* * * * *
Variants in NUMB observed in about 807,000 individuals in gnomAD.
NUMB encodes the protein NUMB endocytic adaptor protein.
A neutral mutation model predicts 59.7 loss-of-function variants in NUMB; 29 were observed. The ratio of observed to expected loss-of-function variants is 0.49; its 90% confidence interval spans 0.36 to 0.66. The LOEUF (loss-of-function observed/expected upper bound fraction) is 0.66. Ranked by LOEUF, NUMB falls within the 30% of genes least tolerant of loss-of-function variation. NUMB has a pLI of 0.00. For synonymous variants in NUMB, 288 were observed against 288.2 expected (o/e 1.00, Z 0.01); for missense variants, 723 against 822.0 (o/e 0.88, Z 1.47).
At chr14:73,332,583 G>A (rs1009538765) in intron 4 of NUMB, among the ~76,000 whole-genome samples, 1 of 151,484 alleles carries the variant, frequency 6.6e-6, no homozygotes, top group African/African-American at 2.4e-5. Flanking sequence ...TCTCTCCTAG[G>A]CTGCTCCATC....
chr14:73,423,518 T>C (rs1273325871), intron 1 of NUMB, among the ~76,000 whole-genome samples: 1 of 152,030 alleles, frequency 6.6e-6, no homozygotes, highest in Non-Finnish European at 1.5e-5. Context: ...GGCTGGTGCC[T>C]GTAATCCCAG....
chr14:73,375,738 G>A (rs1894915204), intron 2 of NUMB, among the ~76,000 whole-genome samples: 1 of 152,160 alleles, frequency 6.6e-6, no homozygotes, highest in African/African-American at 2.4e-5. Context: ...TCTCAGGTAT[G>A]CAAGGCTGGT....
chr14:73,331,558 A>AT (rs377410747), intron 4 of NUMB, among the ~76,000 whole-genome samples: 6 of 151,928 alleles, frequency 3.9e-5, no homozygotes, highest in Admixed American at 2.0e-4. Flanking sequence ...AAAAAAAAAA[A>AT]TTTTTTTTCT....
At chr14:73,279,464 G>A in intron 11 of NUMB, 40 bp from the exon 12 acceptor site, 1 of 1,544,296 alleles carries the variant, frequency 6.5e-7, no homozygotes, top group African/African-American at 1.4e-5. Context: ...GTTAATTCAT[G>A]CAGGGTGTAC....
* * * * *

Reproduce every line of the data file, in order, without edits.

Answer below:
Variants in NUMB observed in about 807,000 individuals in gnomAD.
NUMB encodes the protein NUMB endocytic adaptor protein.
A neutral mutation model predicts 59.7 loss-of-function variants in NUMB; 29 were observed. The ratio of observed to expected loss-of-function variants is 0.49; its 90% confidence interval spans 0.36 to 0.66. The LOEUF (loss-of-function observed/expected upper bound fraction) is 0.66. Ranked by LOEUF, NUMB falls within the 30% of genes least tolerant of loss-of-function variation. NUMB has a pLI of 0.00. For synonymous variants in NUMB, 288 were observed against 288.2 expected (o/e 1.00, Z 0.01); for missense variants, 723 against 822.0 (o/e 0.88, Z 1.47).
At chr14:73,332,583 G>A (rs1009538765) in intron 4 of NUMB, among the ~76,000 whole-genome samples, 1 of 151,484 alleles carries the variant, frequency 6.6e-6, no homozygotes, top group African/African-American at 2.4e-5. Flanking sequence ...TCTCTCCTAG[G>A]CTGCTCCATC....
chr14:73,423,518 T>C (rs1273325871), intron 1 of NUMB, among the ~76,000 whole-genome samples: 1 of 152,030 alleles, frequency 6.6e-6, no homozygotes, highest in Non-Finnish European at 1.5e-5. Context: ...GGCTGGTGCC[T>C]GTAATCCCAG....
chr14:73,375,738 G>A (rs1894915204), intron 2 of NUMB, among the ~76,000 whole-genome samples: 1 of 152,160 alleles, frequency 6.6e-6, no homozygotes, highest in African/African-American at 2.4e-5. Context: ...TCTCAGGTAT[G>A]CAAGGCTGGT....
chr14:73,331,558 A>AT (rs377410747), intron 4 of NUMB, among the ~76,000 whole-genome samples: 6 of 151,928 alleles, frequency 3.9e-5, no homozygotes, highest in Admixed American at 2.0e-4. Flanking sequence ...AAAAAAAAAA[A>AT]TTTTTTTTCT....
At chr14:73,279,464 G>A in intron 11 of NUMB, 40 bp from the exon 12 acceptor site, 1 of 1,544,296 alleles carries the variant, frequency 6.5e-7, no homozygotes, top group African/African-American at 1.4e-5. Context: ...GTTAATTCAT[G>A]CAGGGTGTAC....